If you wish to transport a passenger, your motorcycle must be fitted with both a designated passenger seat and adjustable footrests. When deciding where you would like the passenger seat to be on your motorcycle, you can position it either:

  • At the back of a large driver’s seat
  • Near the rear with a separate saddle
  • Fixed to the side as a sidecar

6. Minnesota Lane Splitting Laws

It is illegal for motorcyclists to attempt at lane splitting in Minnesota. Whenever you are traveling on laned roads or highways, you cannot engage in any of the following behavior:

  • You cannot ride on top of the dividing lines between lanes
  • You cannot ride in between adjacent rows of vehicles that are stopped
  • You cannot overtake another vehicle sharing the same lane

Motorcyclists cannot bypass other vehicles by using whatever narrow space is available on the road. However, they are permitted to practice lane sharing thanks to the maneuverability and design of their rides. Keep the following rules of the road in mind while you are traveling through Minnesota:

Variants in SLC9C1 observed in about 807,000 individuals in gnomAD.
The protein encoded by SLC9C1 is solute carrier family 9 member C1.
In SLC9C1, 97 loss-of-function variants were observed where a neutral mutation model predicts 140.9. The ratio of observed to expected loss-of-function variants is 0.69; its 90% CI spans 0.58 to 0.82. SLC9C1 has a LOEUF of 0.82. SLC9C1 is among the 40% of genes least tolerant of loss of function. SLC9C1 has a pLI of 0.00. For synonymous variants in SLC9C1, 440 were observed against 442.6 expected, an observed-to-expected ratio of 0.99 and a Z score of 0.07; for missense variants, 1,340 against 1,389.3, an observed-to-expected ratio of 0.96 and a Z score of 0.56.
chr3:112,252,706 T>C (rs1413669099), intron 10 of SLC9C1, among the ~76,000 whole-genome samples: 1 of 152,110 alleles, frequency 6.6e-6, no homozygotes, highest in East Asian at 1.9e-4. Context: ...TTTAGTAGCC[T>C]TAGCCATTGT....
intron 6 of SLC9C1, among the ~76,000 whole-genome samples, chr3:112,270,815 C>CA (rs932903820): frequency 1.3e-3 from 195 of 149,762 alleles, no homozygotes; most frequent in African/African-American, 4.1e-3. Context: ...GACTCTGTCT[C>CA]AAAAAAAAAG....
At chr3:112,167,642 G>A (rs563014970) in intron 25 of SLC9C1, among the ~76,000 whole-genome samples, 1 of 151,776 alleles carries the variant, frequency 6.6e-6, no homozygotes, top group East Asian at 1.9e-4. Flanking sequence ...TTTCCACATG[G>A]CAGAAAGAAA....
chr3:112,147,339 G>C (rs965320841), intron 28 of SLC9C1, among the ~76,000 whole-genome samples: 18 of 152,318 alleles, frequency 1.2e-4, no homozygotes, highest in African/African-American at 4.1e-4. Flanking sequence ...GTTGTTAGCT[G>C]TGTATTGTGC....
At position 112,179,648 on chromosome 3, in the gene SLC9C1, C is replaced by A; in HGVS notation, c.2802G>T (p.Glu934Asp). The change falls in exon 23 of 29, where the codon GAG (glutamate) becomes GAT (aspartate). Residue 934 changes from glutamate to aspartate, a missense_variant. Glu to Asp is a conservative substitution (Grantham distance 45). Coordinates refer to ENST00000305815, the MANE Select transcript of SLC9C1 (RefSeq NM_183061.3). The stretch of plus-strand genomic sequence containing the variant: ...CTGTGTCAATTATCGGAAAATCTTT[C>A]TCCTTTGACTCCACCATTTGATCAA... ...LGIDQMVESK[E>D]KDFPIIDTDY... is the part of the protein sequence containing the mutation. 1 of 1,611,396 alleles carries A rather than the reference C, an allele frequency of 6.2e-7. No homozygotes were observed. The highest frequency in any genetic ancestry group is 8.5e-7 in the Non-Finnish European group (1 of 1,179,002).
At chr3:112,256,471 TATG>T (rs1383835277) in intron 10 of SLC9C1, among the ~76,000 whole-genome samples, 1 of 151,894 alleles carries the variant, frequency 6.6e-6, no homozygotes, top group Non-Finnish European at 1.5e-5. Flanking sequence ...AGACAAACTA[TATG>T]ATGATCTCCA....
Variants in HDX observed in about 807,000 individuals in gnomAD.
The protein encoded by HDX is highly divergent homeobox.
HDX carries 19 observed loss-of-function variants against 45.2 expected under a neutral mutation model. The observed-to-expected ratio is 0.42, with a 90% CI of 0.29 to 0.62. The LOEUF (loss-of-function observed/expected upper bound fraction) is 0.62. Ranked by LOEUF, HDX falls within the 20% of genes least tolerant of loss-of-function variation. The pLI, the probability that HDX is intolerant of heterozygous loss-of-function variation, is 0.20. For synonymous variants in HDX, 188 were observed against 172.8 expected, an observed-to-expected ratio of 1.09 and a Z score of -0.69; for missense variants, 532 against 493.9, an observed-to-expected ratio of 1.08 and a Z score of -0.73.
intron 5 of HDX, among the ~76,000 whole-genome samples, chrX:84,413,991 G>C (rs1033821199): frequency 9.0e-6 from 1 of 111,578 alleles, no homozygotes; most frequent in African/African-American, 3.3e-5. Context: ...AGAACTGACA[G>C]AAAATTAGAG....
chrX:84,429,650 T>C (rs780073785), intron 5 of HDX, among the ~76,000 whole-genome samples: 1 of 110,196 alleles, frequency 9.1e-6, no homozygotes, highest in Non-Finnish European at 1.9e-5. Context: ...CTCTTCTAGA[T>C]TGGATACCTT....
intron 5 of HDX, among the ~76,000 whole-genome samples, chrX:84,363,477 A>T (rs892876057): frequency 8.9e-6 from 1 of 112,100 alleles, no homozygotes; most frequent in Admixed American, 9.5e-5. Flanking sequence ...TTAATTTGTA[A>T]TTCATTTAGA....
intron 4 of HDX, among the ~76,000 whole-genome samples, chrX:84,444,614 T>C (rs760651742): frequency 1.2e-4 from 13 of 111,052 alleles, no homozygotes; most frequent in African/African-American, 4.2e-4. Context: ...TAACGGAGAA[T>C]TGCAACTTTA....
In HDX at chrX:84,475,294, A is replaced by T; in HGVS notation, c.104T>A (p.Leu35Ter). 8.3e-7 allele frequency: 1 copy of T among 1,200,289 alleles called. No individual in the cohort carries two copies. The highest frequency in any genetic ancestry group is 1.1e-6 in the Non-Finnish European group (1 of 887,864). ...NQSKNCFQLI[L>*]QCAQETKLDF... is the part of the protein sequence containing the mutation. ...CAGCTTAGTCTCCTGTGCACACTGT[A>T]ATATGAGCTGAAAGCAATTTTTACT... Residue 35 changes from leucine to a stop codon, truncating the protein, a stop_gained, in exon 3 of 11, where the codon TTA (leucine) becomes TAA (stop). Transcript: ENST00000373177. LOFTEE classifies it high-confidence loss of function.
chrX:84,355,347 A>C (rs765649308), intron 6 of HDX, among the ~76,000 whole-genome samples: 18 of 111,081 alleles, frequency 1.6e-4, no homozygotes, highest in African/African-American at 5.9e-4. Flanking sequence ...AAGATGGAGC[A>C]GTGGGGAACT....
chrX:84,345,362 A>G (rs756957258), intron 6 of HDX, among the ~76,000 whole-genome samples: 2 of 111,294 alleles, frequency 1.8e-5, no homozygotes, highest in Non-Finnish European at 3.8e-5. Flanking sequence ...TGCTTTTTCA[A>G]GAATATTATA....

• You are entitled to full use of the space within your current lane
  • You can only share a lane with another motorcycle if:
    • Both parties stay apart at least two abreast
    • Both parties consent beforehand

7. Minnesota Motorcycle Safety Features

A motorcycle can last a long time if it suffers no damage from accidents or is properly stored away when not in use. However, if it is not given periodic maintenance every few weeks, the machinery will start to fail. It can sometimes be difficult to tell if something is wrong with your motorcycle at a first glance. That is why you should closely examine the state of your motorcycle for any punctures or dents. Fixing those will restore your motorcycle’s functionality and ensure it performs at peak capacity.

Make sure that your motorcycle has the required equipment installed and that each of the different feature’s function correctly while your vehicle is still parked:

  • Horn
  • Wheels
  • Tires
  • Handlebars
  • Brake system
  • Controls
  • Headlight
  • Taillight (Red or Yellow)
  • Stop lamp (Red or Yellow)
  • Reflector
  • Exhaust system
  • Muffler
  • Turn signals
  • Rearview mirrors